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On Wednesday, Fr. Fabio Baggio, the Holy See's Undersecretary for Migrants and Refugees, railed against the post-pandemic "new protectionism" created by countries wanting to "favor their nationals."
Addressing the VI Forum on Migration and Human Mobility convened by the Episcopal Commission on Migration, Baggio warned of "massive migratory flows arising from the desire of the people to seek a solution to economic problems."
"There are thousands of migrant workers who have had to return to their land, lost their jobs, stopped sending remittances to their families, and that's why we have families in crisis and entire nations that are facing returnee crises and do not know how to act," Baggio said.
"The pandemic has affected all people, yes, but the most vulnerable in a more particular way," he lamented.
"In the Vatican Commission that the Pope has constituted for COVID-19, and to which I also belong, we are convinced that this crisis constitutes an opportunity, a kairos, to change the system," the Scalabrinian priest remarked.
Criticizing the current global economic and social system as flawed, "especially where discriminations and asymmetries in the access and distribution of resources are more evident," Baggio said that the pandemic was an "opportunity to change the system and propose new economic systems" to "restart another idea of society and another idea of a world system."
On July 8, Spain's far-left coalition Unidas Podemos (United We Can), comprising Podemos, United Left and other left-wing parties, issued a manifesto titled "Heroes of COVID-19 and End of Irregularity" describing foreign nationals who worked in Spain during the pandemic as "heroes."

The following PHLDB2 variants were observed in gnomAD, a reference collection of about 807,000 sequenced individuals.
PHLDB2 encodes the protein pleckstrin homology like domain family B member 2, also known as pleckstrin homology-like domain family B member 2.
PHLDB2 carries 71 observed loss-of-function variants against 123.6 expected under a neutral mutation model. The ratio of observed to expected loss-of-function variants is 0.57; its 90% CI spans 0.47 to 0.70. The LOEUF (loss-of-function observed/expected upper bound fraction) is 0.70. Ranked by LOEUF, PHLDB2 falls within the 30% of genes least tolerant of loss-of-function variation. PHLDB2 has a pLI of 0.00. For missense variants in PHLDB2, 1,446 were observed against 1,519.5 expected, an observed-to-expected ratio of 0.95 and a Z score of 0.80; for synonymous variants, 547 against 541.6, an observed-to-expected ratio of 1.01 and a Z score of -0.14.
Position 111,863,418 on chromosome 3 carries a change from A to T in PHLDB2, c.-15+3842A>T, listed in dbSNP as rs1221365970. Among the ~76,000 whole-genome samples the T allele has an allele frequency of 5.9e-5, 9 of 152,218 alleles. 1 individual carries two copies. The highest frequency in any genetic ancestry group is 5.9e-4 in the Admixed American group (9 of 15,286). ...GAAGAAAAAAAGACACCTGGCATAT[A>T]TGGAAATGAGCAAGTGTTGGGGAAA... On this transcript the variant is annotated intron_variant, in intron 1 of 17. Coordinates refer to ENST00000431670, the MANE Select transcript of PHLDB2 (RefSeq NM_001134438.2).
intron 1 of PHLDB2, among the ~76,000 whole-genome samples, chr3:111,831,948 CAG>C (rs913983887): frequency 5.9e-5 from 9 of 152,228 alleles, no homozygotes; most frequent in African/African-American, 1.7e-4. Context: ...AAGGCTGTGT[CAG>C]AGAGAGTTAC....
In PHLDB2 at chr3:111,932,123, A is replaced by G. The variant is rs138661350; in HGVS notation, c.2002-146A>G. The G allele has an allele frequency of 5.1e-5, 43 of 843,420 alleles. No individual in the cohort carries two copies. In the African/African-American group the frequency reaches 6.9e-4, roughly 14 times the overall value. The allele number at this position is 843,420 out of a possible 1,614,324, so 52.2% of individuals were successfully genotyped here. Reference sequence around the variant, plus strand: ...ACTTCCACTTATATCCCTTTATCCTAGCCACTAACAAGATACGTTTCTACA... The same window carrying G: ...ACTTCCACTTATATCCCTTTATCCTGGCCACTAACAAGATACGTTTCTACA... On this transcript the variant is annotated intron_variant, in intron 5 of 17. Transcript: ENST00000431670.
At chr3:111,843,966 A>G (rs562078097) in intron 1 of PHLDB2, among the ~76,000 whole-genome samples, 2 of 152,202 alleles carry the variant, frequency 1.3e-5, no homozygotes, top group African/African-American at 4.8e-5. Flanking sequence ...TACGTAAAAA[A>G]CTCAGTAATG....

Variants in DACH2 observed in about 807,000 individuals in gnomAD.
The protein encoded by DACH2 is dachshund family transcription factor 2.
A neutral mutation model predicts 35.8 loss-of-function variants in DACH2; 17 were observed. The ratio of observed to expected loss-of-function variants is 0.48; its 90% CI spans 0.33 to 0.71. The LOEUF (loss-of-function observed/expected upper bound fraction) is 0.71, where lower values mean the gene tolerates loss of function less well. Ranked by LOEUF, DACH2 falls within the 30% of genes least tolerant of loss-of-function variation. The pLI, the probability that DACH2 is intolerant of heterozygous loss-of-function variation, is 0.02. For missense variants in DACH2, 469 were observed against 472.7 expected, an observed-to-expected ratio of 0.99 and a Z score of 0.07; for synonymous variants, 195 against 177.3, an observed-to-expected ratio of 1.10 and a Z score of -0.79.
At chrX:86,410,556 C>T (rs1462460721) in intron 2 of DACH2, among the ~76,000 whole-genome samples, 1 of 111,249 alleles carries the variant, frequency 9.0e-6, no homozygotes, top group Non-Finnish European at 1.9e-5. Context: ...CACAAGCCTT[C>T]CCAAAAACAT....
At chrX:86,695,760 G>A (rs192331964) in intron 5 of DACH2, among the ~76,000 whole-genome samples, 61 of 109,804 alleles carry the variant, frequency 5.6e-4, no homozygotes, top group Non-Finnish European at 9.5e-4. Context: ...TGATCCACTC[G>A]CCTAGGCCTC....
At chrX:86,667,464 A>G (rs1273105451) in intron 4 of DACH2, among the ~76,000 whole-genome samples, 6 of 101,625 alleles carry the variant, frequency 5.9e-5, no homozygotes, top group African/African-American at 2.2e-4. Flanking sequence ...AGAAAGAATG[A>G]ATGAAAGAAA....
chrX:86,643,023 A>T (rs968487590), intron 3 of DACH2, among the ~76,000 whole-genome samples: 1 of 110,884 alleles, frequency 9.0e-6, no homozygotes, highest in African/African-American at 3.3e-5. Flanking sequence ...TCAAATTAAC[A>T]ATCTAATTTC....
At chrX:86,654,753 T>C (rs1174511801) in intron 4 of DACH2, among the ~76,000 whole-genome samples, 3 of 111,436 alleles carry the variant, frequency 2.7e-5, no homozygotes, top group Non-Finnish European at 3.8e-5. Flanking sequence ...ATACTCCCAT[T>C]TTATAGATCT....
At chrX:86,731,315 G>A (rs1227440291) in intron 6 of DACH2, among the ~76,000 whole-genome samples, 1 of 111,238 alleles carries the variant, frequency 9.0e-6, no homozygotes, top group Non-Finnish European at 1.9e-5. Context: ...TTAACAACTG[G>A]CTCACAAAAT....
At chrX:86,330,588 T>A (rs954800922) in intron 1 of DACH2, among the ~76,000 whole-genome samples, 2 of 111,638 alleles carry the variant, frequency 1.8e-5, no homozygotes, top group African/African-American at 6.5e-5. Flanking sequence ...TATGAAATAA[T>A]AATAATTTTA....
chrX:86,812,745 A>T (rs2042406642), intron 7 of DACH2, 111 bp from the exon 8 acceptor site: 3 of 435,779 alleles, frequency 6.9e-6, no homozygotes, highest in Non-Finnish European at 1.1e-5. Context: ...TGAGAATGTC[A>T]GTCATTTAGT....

"We think it is decent, it is fair and it is patriotic to recognize all these heroes as compatriots and who can, therefore, have extraordinary access to Spanish nationality," the statement announced in the Congress of Deputies, Spain's lower house of Parliament.
They referred specifically to 600,000 migrants "who were on Spanish soil" when the Wuhan virus emergency was declared.
It is "the right decision also from the health and economic point of view," since "the continuity of the irregularity would put at risk not only the health of these people but also that of all citizens," Unidas Podemos stated.
Podemos, the main party in the leftist alliance, is headed by Pablo Iglesias, who is listed by George Soros' Open Society Foundations' non-governmental organization as a "reliable ally."
Iglesias, a 35-year-old professor of political science at Complutense University of Madrid, has been described as "the Marxist icon that could only happen to Spain."
"I consider myself a Marxist. Let us say that behind the theoretical implications and those of Podemos, there is a very specific interpretation of Gramsci," Iglesias revealed.
Italian Marxist philosopher and communist politician Antonio Gramsci is best known for his theory of cultural hegemony and is hailed as "the godfather of cultural Marxism" and "identity politics."
Following Fr. Baggio's endorsement of "mass regularization," Pablo Echenique, spokesman for Unidas Podemos, sent a tweet to the center-right Partido Popular and the nationalist Vox Party urging them as Catholics to heed the Vatican's call for migrant amnesty.
Spain's immigration law was amended four times between 2000 and 2004, and four regularization processes were implemented. A further 600,000 immigrants underwent a regularization process in 2005.
Muslims from Morocco constitute the largest group of immigrants in the traditionally Catholic country. Moroccans are Spain's second-largest minority.
Headed by Pope Francis, the Migrants and Refugees Section helps the Church to accompany refugees, those who are forced to migrate or victims of human trafficking.
The migrant section is part of the Dicastery for Promoting Integral Human Development created by Pope Francis through his motu proprio Humanam Progressionem in 2016.